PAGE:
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Blood. 2006 Apr 1;107(7):2806-13. Epub 2005 Dec 8.

Vaccination of human subjects expands both specific and bystander memory T cells but antibody production remains vaccine specific.

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Molecular Immunology Group, Cancer Sciences Division, Southampton University Hospitals Trust, Southampton, Hampshire SO16 6YD, United Kingdom.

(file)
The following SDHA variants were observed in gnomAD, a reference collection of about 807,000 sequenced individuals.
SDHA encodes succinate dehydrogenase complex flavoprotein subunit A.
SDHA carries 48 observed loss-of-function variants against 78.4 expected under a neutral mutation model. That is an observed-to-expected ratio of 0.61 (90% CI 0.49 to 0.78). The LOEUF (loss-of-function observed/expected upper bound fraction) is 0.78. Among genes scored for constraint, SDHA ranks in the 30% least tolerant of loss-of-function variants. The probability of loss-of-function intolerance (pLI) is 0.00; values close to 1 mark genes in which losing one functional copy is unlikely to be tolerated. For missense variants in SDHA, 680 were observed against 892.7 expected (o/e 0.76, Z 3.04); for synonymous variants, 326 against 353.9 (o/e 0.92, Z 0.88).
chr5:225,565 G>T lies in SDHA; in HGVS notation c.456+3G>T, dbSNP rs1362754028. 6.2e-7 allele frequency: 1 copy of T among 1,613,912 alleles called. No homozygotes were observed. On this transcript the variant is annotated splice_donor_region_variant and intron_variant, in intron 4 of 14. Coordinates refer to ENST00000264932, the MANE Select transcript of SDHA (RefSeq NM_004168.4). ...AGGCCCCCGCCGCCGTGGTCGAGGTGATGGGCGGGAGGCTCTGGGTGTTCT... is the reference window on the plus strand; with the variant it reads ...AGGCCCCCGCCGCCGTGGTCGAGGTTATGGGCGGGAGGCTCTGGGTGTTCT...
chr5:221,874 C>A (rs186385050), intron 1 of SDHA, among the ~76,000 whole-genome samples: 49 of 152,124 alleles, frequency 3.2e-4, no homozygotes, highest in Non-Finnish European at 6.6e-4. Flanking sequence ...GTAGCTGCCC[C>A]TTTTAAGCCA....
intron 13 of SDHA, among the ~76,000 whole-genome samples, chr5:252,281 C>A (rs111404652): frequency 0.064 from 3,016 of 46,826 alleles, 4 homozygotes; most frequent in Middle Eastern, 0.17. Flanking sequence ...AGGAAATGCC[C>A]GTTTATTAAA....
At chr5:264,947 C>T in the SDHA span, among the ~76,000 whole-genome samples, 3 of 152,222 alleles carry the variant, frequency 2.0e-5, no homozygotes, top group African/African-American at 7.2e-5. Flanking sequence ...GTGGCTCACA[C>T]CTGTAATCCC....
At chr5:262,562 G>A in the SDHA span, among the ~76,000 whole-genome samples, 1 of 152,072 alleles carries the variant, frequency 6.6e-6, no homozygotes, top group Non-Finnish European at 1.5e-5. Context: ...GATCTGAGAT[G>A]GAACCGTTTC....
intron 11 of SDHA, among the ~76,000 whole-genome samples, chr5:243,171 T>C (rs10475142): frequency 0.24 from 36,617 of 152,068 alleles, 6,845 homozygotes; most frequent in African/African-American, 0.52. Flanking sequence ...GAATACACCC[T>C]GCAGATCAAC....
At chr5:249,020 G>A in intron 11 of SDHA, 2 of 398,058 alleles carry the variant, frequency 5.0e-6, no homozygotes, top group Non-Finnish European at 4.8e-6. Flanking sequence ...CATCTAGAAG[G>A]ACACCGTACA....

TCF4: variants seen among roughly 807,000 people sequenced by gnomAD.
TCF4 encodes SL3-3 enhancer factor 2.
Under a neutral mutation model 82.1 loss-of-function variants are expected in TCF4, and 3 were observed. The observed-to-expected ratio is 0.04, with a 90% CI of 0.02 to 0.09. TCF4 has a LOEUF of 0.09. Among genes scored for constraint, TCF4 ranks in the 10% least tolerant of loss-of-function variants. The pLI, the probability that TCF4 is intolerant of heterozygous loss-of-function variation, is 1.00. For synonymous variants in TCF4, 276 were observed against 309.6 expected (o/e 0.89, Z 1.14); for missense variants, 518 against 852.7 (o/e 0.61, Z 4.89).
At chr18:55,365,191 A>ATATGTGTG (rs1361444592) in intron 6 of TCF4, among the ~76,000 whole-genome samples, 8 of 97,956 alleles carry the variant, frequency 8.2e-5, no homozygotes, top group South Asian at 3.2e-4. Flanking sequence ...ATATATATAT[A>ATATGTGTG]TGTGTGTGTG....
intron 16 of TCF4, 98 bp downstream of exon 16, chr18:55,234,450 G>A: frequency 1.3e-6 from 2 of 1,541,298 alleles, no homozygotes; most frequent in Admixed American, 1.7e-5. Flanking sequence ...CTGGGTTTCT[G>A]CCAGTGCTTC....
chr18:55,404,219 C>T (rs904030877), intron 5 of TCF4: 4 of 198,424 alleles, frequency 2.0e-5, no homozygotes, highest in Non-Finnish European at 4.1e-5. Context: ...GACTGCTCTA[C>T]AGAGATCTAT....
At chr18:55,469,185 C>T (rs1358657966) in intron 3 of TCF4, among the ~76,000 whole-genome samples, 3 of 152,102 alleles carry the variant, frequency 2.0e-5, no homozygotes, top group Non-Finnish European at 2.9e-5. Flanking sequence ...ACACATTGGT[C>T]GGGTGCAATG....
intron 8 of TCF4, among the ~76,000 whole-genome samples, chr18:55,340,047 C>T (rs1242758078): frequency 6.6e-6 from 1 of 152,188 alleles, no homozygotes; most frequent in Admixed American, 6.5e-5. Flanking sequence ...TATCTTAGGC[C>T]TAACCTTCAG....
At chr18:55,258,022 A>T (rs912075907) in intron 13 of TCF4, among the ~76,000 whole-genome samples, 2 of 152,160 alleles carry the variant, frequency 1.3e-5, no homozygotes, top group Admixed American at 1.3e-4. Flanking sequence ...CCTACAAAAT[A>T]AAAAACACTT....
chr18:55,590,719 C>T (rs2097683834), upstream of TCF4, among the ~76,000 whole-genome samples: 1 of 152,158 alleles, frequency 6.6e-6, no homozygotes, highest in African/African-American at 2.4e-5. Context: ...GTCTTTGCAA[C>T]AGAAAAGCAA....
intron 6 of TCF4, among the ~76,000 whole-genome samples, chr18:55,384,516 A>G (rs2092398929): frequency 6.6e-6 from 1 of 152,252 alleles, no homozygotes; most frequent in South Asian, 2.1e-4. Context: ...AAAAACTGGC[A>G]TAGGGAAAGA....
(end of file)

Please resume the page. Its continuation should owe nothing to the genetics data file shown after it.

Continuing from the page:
Human subjects maintain long-term immunologic memory against infective organisms but the mechanism is unclear. CD4+ T-helper memory (Thmem) cells are pivotal in controlling humoral and cellular responses, therefore their longevity and response to vaccination are critical for maintenance of protective immunity. To probe the dynamics of the Thmem-cell response to antigenic challenge, we investigated subjects following a booster injection with tetanus toxoid (TT). Expansion of TT-specific Thmem cells and cytokine production showed complex kinetics. Strikingly, parallel expansion and cytokine production occurred in pre-existing Thmem cells specific for 2 other common antigens: purified protein derivative of tuberculin and Candida albicans. Bystander expansion occurred in Thmem but not in Thnaive cells. Antibody production against TT peaked approximately 2 weeks after vaccination and gradually declined. However, pre-existing antibody against the other antigens did not change. It appears that although all Thmem cells are readily stimulated to expand, antibody responses are controlled by antigen availability. These findings relate to the maintenance of memory and have consequences for assessments of specific T-cell responses to vaccination.

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